Millions

millions.jpg

I really should have anticipated that after attending WebZine I'd be spending a good chunk of time picking-through all the many blogs and bloglike web resources that I'd see there. doi! In fact I'd already started before WebZine began, and the pace has increased significantly.

Not just the many sites that were featured in the official schedule, but the sites of the volunteers too — most of whom I knew a bit, but many new to me — and also taking the time to catch-up on some of the blogs of my friends and acquaintances, which have been illuminating and exciting in their own ways. There are people who I know who are much cooler than I realized (sorry guys for not realizing it sooner).

There's already been immediate cross-pollination: meeting someone at WebZine whose blog led me to their company and it turned right back at my professional life over at the office. Wonder if that means I can expense-account the Bacardi...

As much information as I'm enjoying from WebZine's online shadow, the live experience itself was deeply worthwhile, it was a fantastic on-ramp for me as I merge back into the life of Kevin as a single-passenger vehicle. I blame no one but myself for it, but for the past couple of years (since moving here from Hawaii, at least) I'd largely abdicated all maintenance of my social life outside of a few photographer buddies, leaving my non-working life to someone else's management.

WebZine, full of friends, new friends, re-interpreted friends, and nary a conflict in sight, was a much-needed burst of sociability. It fit well into the P.O.R. for my General Worldwide Social Plan: to apply broad efforts to reconnect with old friends; to connect directly to solidify and differentiate relationships with a number of interesting friends and acquaintances whom I previously only knew through joint socialization; and to expand my social horizon by going ahead and just getting myself out there in the world.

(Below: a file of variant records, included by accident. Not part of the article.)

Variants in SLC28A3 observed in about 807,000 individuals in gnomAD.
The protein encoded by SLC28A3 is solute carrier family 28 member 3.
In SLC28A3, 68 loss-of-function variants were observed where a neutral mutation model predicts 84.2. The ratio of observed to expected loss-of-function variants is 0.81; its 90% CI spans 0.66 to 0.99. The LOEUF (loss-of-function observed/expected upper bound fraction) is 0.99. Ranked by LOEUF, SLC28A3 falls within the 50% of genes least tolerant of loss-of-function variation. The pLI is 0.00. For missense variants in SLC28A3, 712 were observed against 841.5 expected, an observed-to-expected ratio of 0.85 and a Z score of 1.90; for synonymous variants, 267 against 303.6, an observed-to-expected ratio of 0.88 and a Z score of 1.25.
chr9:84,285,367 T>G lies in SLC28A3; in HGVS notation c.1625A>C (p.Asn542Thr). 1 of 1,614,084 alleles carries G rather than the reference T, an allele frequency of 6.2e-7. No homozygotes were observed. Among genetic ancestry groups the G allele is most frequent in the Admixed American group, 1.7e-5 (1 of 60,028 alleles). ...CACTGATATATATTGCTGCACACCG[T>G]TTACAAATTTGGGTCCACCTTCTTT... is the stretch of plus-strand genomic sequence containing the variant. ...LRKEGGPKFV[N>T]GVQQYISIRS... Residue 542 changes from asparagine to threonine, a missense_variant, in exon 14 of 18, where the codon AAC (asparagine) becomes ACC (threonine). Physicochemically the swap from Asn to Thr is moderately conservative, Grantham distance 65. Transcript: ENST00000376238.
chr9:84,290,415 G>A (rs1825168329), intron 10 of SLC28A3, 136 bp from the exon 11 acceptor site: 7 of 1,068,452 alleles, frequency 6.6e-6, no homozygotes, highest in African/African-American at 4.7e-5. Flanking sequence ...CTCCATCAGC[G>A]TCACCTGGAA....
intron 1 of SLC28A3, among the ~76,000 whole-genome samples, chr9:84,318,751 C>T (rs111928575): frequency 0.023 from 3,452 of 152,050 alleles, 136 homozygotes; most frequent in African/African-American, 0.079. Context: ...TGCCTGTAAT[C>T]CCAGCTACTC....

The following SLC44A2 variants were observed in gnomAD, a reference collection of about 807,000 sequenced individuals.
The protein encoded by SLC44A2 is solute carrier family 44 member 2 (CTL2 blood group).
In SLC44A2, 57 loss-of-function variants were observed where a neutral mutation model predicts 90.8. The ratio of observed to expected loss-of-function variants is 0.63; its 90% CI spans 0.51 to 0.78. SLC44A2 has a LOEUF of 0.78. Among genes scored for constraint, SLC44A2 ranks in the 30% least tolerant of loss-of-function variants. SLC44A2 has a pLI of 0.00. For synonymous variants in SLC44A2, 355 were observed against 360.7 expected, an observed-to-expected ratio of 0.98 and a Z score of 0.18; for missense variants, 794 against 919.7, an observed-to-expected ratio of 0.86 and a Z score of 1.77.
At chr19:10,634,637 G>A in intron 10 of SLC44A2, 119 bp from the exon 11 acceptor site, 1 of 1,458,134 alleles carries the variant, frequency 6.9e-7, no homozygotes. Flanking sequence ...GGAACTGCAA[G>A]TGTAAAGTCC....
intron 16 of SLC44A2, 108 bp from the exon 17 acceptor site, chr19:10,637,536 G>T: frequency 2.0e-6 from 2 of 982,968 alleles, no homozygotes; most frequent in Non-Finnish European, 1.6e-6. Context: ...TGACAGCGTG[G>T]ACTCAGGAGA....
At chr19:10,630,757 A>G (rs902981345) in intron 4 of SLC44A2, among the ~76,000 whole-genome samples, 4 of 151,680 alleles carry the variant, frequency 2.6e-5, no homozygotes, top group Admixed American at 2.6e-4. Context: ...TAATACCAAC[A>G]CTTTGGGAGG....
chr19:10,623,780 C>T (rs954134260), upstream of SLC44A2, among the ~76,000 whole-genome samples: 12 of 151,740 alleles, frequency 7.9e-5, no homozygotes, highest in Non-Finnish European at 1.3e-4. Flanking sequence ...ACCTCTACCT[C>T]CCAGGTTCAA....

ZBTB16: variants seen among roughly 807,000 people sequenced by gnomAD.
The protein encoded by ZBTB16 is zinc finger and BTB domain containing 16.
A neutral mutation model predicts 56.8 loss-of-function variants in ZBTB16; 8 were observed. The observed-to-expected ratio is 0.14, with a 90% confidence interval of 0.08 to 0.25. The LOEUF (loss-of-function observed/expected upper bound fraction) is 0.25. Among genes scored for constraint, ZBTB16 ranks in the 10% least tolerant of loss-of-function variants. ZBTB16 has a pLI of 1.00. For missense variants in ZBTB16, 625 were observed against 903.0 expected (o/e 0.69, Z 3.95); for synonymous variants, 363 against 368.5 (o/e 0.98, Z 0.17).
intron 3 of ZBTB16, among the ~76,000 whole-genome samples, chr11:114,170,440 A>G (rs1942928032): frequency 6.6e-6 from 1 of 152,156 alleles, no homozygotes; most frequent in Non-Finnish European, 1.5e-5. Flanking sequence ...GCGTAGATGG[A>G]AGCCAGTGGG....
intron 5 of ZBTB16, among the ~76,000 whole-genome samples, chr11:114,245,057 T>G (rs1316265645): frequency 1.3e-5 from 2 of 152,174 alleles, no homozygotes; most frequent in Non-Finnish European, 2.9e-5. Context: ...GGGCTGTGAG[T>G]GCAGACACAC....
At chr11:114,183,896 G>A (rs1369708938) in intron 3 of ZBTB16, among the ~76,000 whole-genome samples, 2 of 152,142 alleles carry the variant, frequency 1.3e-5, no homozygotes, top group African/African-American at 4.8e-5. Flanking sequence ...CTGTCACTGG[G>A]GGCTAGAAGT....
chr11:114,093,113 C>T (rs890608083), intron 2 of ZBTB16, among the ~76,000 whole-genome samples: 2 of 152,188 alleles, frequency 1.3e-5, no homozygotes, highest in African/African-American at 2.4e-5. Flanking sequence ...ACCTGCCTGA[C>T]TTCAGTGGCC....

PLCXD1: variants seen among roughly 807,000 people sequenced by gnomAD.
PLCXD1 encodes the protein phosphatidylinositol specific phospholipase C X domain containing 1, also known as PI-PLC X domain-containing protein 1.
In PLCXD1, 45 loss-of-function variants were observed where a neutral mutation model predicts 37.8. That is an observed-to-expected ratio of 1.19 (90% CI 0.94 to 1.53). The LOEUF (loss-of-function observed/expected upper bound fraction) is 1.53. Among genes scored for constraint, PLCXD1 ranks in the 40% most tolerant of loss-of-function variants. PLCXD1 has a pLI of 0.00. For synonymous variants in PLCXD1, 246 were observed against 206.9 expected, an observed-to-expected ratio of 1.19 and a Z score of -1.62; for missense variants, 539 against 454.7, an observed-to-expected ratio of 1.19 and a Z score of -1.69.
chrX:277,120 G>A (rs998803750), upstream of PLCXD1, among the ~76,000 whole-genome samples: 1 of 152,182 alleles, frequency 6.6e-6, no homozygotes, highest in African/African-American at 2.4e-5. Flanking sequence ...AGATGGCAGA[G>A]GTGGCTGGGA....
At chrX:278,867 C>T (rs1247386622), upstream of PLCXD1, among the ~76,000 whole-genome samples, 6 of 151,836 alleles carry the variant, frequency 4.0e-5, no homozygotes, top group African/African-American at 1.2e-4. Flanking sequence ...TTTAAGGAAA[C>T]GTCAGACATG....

I'll work-out a more formal list of Key Objectives and Metrics later, right now I just want to spend time with People Who Are Not Me, because they all seem pretty darned cool.

If I have my way, I'll see at least one friend outside of work every single day (or make a new one outright). I'll go further, and say that I'm keen on discovering something new about each of them as I do it., even if I end up seeming a bit of a pest to a few.

The downside (?) of this is the realiziation that I have more friends and activities than there are days of the week, even as I'm piling-on the additional personal podcasts and watching my stack of library books steadily grow (four books just today, Bowlby's Attachment, Separatation & Loss, and Anxiety & Anger joined by the more-recent Ethnography in the San Francisco Bay Area, III stacked atop the Michael Kenna collection — thanks, Library Elf!). Who'd a thunk it?


The other big event of the past weekend was the Eikoh Hosoe lecture at SFAI, sponsored by PhotoAlliance. As mentioned before, my admiration for Hosoe is without bounds. Having him sign my copy of Ba·Ra·Kei — Ordeal by Roses was exciting. To meet Hosoe at the reception & talk to him, and then to see him with his photographs, standing among them and interacting with them, was an enlightening & moving experience.

September 27, 2005

 

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